Ashness Bridge is probably the most photographed bridged in The Lake District and it’s probably the most easily accessible too. With a car park adjacent to it and another car park closer to Surprise View it can be done by both car and on foot.
We decided to turn it into a day trip and a small circular walk, so we took the boat Keswick Launch anti-clockwise around Derwentwater and got off at Ashness Pier.
Disembarking at Ashness Pier you arrive at the road that takes you up to Ashness Bridge. It is all well signposted.
Ashness Pier to Ashness Bridge
Disembarking at Ashness Pier and walking to Ashness Bridge is about a ten minute, up-hill walk and it is all on a tarmac road. The road runs parallel to the river of Barrow Beck so there is opportunity to deviate a bit.
The road up towards Ashness Bridge wasn’t busy but nor was it very quiet, so do be careful of vehicles, if you go.
Ashness Bridge is a traditional stone built, pack-horse bridge that is the gateway to Surprise View and the mountain of Watendlath. It gives views across Borrowdale towards the mountain of Skiddaw and is always busy with people.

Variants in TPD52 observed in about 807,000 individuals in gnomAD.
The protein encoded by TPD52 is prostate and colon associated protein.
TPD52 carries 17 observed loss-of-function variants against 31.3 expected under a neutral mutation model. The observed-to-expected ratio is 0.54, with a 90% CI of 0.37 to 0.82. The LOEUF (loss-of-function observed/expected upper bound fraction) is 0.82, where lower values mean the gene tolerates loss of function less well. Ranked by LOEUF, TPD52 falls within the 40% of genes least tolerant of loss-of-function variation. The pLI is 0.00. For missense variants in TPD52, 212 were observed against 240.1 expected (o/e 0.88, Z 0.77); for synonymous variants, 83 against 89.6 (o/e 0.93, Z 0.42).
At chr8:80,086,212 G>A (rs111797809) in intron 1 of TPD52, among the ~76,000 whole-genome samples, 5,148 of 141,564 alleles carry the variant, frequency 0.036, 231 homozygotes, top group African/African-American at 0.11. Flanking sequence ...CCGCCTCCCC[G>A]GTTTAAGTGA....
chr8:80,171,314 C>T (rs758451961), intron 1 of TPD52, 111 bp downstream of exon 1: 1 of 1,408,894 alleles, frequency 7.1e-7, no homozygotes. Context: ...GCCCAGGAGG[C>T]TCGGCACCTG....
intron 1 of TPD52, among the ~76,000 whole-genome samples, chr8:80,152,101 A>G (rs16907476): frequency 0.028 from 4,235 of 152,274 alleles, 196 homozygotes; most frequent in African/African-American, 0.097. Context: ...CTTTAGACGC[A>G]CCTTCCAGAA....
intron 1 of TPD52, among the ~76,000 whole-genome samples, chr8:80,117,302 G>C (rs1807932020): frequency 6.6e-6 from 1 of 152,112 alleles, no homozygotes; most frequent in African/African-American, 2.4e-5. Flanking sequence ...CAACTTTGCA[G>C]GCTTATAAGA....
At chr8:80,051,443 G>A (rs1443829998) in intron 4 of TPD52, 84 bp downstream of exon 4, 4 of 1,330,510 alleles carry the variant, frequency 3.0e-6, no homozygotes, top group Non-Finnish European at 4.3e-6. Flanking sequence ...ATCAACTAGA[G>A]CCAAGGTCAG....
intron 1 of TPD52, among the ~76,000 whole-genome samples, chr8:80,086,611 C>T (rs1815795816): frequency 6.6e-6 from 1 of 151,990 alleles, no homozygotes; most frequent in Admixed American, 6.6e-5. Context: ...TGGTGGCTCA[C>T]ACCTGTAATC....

Up the hill towards Surprise View
Carrying on walking up the hill leads you through typical Cumbrian, picturesque countryside. The snow topped mountain of Watendlath dominates the views to the south and Skiddaw the views to the north.
Again you share the road with cars.
What awaits you at the top of the road is called ‘Surprise View’ and is quite simply a breathtaking spot to look out at, if you can get a space! Because there’s a car park adjacent to the view, it can get quite busy.
From Surprise View, you can see Borrowdale to the south, the whole of Derwent Water and on a clear day the lake of Bassenthwaite to the north. You can just make out Bassenthwaite to the top right hand side of the photo below.
The woodlands of the surrounding fells are oak trees, they are home to a wide range of bird species, red squirrels and deers.
Victorian Water Falls
Descending back past Ashness Bridge, on your left hand side is a small wooden swing gate belonging to the Derwentwater Independent Hostel. The route then follows a designated path through the woodlands following Barrow Beck.
We walked through the hostel grounds, around the side of the hostel and cut down the hill until we reached a path (parallel to the road) that runs through Ashness Woods and along to Lodore Hotel.
The path meanders through the woods and at times crosses the road where the path continues along the shores of Derwentwater. When we walked through, the path was wet and muddy so we were very glad we had sturdy boots on.
Arriving at Lodore Pier
The path takes you to the Lodore Falls hotel, where directly opposite is the entrance for Lodore Pier. Here we caught the Keswick Launch back to Keswick.
Follow our journey
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